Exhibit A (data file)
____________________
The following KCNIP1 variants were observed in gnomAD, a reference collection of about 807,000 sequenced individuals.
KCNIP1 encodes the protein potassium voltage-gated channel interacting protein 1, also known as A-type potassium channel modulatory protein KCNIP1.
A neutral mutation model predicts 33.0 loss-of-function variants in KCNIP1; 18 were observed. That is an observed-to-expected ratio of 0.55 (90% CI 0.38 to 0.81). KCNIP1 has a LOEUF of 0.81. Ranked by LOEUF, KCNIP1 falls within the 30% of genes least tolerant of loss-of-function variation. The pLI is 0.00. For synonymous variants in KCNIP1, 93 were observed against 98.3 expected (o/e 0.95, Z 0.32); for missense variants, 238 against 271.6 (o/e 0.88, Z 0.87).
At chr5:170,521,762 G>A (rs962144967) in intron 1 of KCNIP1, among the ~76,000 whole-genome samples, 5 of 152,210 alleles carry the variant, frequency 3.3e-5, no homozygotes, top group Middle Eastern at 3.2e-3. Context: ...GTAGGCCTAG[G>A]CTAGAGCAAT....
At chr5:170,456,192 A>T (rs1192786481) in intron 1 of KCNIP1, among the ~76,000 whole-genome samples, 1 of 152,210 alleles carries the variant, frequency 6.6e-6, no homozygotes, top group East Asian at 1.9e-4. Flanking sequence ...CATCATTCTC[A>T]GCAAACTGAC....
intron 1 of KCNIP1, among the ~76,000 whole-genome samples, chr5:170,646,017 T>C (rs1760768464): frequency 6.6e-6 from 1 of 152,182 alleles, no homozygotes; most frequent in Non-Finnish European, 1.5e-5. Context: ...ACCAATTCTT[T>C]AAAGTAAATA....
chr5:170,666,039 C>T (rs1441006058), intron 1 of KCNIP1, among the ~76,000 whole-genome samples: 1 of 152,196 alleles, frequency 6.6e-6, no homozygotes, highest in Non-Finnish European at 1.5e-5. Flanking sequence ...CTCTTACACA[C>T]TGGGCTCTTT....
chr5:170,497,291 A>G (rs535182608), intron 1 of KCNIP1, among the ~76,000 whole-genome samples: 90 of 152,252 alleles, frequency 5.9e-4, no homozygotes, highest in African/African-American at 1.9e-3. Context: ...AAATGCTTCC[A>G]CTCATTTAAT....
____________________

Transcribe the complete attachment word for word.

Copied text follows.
The following KCNIP1 variants were observed in gnomAD, a reference collection of about 807,000 sequenced individuals.
KCNIP1 encodes the protein potassium voltage-gated channel interacting protein 1, also known as A-type potassium channel modulatory protein KCNIP1.
A neutral mutation model predicts 33.0 loss-of-function variants in KCNIP1; 18 were observed. That is an observed-to-expected ratio of 0.55 (90% CI 0.38 to 0.81). KCNIP1 has a LOEUF of 0.81. Ranked by LOEUF, KCNIP1 falls within the 30% of genes least tolerant of loss-of-function variation. The pLI is 0.00. For synonymous variants in KCNIP1, 93 were observed against 98.3 expected (o/e 0.95, Z 0.32); for missense variants, 238 against 271.6 (o/e 0.88, Z 0.87).
At chr5:170,521,762 G>A (rs962144967) in intron 1 of KCNIP1, among the ~76,000 whole-genome samples, 5 of 152,210 alleles carry the variant, frequency 3.3e-5, no homozygotes, top group Middle Eastern at 3.2e-3. Context: ...GTAGGCCTAG[G>A]CTAGAGCAAT....
At chr5:170,456,192 A>T (rs1192786481) in intron 1 of KCNIP1, among the ~76,000 whole-genome samples, 1 of 152,210 alleles carries the variant, frequency 6.6e-6, no homozygotes, top group East Asian at 1.9e-4. Flanking sequence ...CATCATTCTC[A>T]GCAAACTGAC....
intron 1 of KCNIP1, among the ~76,000 whole-genome samples, chr5:170,646,017 T>C (rs1760768464): frequency 6.6e-6 from 1 of 152,182 alleles, no homozygotes; most frequent in Non-Finnish European, 1.5e-5. Context: ...ACCAATTCTT[T>C]AAAGTAAATA....
chr5:170,666,039 C>T (rs1441006058), intron 1 of KCNIP1, among the ~76,000 whole-genome samples: 1 of 152,196 alleles, frequency 6.6e-6, no homozygotes, highest in Non-Finnish European at 1.5e-5. Flanking sequence ...CTCTTACACA[C>T]TGGGCTCTTT....
chr5:170,497,291 A>G (rs535182608), intron 1 of KCNIP1, among the ~76,000 whole-genome samples: 90 of 152,252 alleles, frequency 5.9e-4, no homozygotes, highest in African/African-American at 1.9e-3. Context: ...AAATGCTTCC[A>G]CTCATTTAAT....